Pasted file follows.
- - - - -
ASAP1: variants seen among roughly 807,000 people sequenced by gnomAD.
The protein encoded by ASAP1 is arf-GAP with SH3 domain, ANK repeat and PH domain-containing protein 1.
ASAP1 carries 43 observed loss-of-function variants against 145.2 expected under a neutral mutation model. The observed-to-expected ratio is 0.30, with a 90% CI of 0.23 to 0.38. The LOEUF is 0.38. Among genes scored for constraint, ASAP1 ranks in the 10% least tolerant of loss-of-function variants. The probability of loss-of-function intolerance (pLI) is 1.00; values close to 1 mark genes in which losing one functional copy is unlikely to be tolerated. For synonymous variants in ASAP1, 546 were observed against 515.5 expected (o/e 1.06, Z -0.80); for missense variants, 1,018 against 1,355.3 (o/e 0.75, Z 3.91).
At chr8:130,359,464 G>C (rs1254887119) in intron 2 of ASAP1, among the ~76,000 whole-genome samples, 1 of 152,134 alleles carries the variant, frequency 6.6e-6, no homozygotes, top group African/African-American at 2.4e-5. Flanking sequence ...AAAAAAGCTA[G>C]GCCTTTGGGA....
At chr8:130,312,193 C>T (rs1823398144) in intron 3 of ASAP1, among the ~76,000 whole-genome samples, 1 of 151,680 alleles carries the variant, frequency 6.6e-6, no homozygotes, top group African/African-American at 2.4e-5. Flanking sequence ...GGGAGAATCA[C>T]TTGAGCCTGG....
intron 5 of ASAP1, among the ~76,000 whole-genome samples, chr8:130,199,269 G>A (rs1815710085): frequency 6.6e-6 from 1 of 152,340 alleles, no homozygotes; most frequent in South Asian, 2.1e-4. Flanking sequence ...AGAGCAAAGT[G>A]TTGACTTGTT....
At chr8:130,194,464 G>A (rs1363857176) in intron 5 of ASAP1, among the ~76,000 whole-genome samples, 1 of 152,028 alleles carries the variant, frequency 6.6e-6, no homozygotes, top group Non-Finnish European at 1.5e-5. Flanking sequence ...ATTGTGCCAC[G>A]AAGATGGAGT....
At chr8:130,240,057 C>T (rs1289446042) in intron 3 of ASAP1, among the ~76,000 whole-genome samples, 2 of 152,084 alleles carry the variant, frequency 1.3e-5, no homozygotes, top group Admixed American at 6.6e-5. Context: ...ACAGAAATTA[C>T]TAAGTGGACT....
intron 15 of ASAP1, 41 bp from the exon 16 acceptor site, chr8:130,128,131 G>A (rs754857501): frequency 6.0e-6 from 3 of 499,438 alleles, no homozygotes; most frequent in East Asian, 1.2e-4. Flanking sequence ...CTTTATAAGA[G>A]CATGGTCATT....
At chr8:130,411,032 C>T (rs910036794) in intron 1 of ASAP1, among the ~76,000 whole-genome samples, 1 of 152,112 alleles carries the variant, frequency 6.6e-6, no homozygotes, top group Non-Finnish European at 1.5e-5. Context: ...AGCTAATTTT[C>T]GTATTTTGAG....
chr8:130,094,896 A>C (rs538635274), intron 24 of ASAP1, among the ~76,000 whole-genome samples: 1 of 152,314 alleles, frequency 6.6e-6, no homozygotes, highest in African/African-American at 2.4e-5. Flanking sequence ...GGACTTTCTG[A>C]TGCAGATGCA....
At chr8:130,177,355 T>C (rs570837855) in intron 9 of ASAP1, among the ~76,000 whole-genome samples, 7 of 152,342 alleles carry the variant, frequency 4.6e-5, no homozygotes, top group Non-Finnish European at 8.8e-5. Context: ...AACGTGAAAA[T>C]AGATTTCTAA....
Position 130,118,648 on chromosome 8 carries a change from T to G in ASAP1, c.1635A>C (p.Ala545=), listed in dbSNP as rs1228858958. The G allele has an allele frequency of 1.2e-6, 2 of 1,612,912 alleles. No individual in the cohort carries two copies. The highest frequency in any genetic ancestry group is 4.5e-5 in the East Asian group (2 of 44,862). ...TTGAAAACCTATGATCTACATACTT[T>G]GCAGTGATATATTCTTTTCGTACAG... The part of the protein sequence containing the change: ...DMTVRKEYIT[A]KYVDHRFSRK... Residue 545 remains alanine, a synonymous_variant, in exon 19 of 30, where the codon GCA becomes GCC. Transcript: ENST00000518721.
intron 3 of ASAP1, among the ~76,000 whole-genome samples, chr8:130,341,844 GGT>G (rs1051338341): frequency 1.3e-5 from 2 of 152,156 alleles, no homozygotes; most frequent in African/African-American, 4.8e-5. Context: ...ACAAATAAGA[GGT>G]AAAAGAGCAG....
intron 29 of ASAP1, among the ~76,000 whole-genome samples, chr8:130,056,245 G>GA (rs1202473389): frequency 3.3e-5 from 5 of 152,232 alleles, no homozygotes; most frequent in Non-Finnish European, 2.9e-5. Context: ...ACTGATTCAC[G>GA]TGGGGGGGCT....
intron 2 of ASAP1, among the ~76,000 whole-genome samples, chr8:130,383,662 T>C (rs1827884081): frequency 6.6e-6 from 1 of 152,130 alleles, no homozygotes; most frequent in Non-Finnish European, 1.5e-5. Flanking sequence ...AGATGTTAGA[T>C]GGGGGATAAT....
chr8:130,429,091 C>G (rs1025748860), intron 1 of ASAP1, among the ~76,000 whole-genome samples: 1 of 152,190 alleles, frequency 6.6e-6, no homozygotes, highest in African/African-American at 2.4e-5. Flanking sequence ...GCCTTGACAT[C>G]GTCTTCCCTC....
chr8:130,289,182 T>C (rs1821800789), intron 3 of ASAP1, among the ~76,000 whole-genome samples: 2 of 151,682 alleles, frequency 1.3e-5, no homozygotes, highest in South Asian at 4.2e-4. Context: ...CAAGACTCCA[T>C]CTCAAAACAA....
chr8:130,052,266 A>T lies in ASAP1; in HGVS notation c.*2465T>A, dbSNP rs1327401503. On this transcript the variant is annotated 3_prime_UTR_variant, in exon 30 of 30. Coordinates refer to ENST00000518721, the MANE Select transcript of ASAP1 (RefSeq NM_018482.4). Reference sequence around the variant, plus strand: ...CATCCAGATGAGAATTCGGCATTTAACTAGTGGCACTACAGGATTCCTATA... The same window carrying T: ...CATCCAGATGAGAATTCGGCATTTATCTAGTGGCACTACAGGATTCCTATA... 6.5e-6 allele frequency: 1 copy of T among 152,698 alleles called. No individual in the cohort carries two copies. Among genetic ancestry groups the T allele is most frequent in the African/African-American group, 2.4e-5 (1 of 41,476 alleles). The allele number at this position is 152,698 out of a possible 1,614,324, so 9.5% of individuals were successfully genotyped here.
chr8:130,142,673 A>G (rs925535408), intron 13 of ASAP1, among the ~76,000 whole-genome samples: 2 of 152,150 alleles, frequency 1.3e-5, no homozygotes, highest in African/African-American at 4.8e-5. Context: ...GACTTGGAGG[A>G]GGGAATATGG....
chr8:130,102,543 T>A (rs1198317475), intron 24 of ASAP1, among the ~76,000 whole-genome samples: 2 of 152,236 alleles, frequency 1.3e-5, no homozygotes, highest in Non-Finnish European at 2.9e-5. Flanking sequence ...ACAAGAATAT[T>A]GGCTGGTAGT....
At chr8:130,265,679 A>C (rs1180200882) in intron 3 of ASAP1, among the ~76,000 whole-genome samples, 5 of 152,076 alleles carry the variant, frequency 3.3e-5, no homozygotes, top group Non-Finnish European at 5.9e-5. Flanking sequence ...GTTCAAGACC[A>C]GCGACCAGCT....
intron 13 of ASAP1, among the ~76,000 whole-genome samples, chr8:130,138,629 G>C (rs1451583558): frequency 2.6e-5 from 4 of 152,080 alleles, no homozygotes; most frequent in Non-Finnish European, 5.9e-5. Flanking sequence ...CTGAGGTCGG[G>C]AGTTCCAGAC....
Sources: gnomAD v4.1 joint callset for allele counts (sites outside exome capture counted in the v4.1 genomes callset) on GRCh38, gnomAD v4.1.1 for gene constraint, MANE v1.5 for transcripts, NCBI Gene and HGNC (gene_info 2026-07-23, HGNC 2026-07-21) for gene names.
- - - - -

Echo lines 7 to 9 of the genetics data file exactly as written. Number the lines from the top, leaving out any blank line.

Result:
At chr8:130,194,464 G>A (rs1363857176) in intron 5 of ASAP1, among the ~76,000 whole-genome samples, 1 of 152,028 alleles carries the variant, frequency 6.6e-6, no homozygotes, top group Non-Finnish European at 1.5e-5. Flanking sequence ...ATTGTGCCAC[G>A]AAGATGGAGT....
At chr8:130,240,057 C>T (rs1289446042) in intron 3 of ASAP1, among the ~76,000 whole-genome samples, 2 of 152,084 alleles carry the variant, frequency 1.3e-5, no homozygotes, top group Admixed American at 6.6e-5. Context: ...ACAGAAATTA[C>T]TAAGTGGACT....
intron 15 of ASAP1, 41 bp from the exon 16 acceptor site, chr8:130,128,131 G>A (rs754857501): frequency 6.0e-6 from 3 of 499,438 alleles, no homozygotes; most frequent in East Asian, 1.2e-4. Flanking sequence ...CTTTATAAGA[G>A]CATGGTCATT....